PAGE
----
[Openstack-operators] OpenStack Developer Mailing List Digest November 7-13

Mike Perez thingee at gmail.com
Sat Nov 21 03:08:50 UTC 2015

Perma Link: http://www.openstack.org/blog/2015/11/openstack-developer-mailing-list-digest-november-20151107/

New Management Tools and Processes for stable/liberty and Mitaka

* For release management, we used a combination of launchpad milestone
pages and our wiki to track changes in releases.
* We used to pull releases notes for stable point releases at the time
of releases.
* Release managers would work with PTLs and release liaisons at each
milestone to update launchpad to reflect the work completed.
* All this requires a lot of work of the stable maintenance and release teams.
* To address this work with the ever-growing set of project, the
release team is introducing Reno for continuously building release
notes as files in-tree.

The idea is small YAML files, usually one per note or patch to avoid
merge conflicts on back ports, which are then compiled to a readable
document for readers.
ReStructuredText and Sphinx are supported for converting note files to
HTML for publication.
Documentation for using Reno is available [1].

* Release liaisons should create and merge a few patches for each
project between now and Mitaka-1 milestone:

  - To the master branch, instructions for publishing the notes. An
example of Glance [2].
  - Instructions for publishing in stable/liberty of the project. An
example with Glance [3].
  - Relevant jobs in project-config. An example with Glance [4].
  - Reno was not ready before the summit, so the wiki was used for
release notes for the initial Liberty releases. Liaisons should covert
those notes to Reno YAML files in stable/liberty branch.

* Use the topic ‘add-reno’ for all patches to track adoption.
* Once liaisons have done this work, launchpad can stop being used for
tracking completed work.
* Launchpad will still be used for tracking bug reports, for now.
* Full thread: http://lists.openstack.org/pipermail/openstack-dev/2015-November/078301.html

Keeping Juno “alive” For Longer

* Tony Breeds is seeking feedback on the idea of keeping Juno around a
little longer.
* According to the current user survey [5], Icehouse still has the
biggest install base in production clouds. Juno is second, which means
if we end of life (EOL) Juno this month, ~75% of production clouds
will be running a EOL’d release.
* The problems with doing this however:

  - CI capacity of running the necessary jobs of making sure stable
branches still work.
  - Lack of resources of people who care to make sure the stable
branch continues to work.
  - Juno is still tied with Python 2.6.
  - Security support is still needed.
  - Tempest is branchless, so it’s running stable compatible jobs.

* This is acknowledged as a common request. The common answer being
“push more resources in fixing existing stable branches and we might
consider it”.
* Matt Riedmann who works in the trenches of stable branches confirms
stable/juno is already a goner due to requirements capping issues. You
fix one issue to unwedge a project and with global-requirement syncs,
we end breaking 2 other projects. The cycle never ends.
* This same problem does not exist in stable/kilo, because we’ve done
a better job of isolating versions in global-requirements with
* Sean Dague wonders what are the reasons that keep people from doing
upgrades to begin with. Tony is unable to give reasons since some are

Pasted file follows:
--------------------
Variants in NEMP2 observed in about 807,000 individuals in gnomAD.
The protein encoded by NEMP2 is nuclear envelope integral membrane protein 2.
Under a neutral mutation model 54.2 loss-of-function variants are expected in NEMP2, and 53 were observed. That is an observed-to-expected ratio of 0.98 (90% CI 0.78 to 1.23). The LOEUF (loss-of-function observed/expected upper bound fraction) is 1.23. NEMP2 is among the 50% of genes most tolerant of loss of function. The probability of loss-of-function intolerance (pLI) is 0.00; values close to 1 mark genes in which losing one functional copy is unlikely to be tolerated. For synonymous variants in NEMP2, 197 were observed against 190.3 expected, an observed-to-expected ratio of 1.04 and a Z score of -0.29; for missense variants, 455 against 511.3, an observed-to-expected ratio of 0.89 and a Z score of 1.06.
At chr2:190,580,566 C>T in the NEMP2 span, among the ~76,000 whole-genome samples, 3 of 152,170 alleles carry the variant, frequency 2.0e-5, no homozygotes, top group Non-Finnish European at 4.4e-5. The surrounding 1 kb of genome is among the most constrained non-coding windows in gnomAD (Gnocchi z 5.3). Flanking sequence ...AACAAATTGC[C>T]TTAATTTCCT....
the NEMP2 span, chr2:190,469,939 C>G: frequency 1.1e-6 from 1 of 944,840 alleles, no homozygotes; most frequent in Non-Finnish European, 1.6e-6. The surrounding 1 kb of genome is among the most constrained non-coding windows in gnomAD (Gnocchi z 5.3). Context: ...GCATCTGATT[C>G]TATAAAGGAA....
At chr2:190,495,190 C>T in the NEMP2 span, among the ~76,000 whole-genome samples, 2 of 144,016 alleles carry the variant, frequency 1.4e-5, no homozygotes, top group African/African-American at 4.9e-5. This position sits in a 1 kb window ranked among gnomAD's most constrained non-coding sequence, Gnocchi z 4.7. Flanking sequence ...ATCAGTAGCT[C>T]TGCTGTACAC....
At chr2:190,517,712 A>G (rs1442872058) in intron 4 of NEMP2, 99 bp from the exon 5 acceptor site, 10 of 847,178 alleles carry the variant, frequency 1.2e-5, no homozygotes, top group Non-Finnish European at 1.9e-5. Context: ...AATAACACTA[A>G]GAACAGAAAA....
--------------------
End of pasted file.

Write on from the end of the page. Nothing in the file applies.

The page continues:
internal to his companies offering.
* Full thread: http://lists.openstack.org/pipermail/openstack-dev/2015-November/078630.html

Oslo Libraries Dropping Python 2.6 compatibility

* Davanum notes a patch to drop py26 oslo jobs [6].
* Jeremy Stanley notes that the infrastructure team plans to remove
CentOS 6.X job workers which includes all python 2.6 jobs when
stable/juno reaches EOL.
* Full thread: http://lists.openstack.org/pipermail/openstack-dev/2015-November/079249.html

Making Stable Maintenance its own OpenStack Project Team

* Thierry writes that when the Release Cycle Management team was
created, it just happen to contain release management, stable branch
management, and vulnerability management.

  - Security Team was created and spun out of the release team today.

* Proposal: spin out the stable branch maintenance as well.

  - Most of the stable team work used to be stable point release
management, but as of stable/liberty this is now done by the release
management team and triggered by the project-specific stable
maintenance teams, so there is no more overlap in tooling used there.
  - Stable team is now focused on stable branch policies [7], not patches.
  - Doug Hellmann leads the release team and does not have the history
Thierry had with stable branch policy.
  - Empowering the team to make its own decisions, visibility,
recognition in hopes to encourage more resources being dedicated to

    -- Defining and enforcing stable branch policy.
    -- If team expands, it could own stable branch health/gate fixing.
The team could then make decisions on support timeframes.

  - Matthew Treinis disagrees that the team separation solves the
problem of getting more people to work on gate issues. Thierry has
evidence though that making a its own project will result in
additional resources. The other option is to kill stable branches, but
as we’ve seen from the Keeping Juno Alive thread, there’s still
interest in having them.
* Full thread: http://lists.openstack.org/pipermail/openstack-dev/2015-November/078901.html

[1] - http://docs.openstack.org/developer/reno/
[2] - https://review.openstack.org/241323
[3] - https://review.openstack.org/241322
[4] - https://review.openstack.org/241344
[5] - http://www.openstack.org/assets/survey/Public-User-Survey-Report.pdf
[6] - https://review.openstack.org/244275
[7] - http://docs.openstack.org/project-team-guide/stable-branches.html

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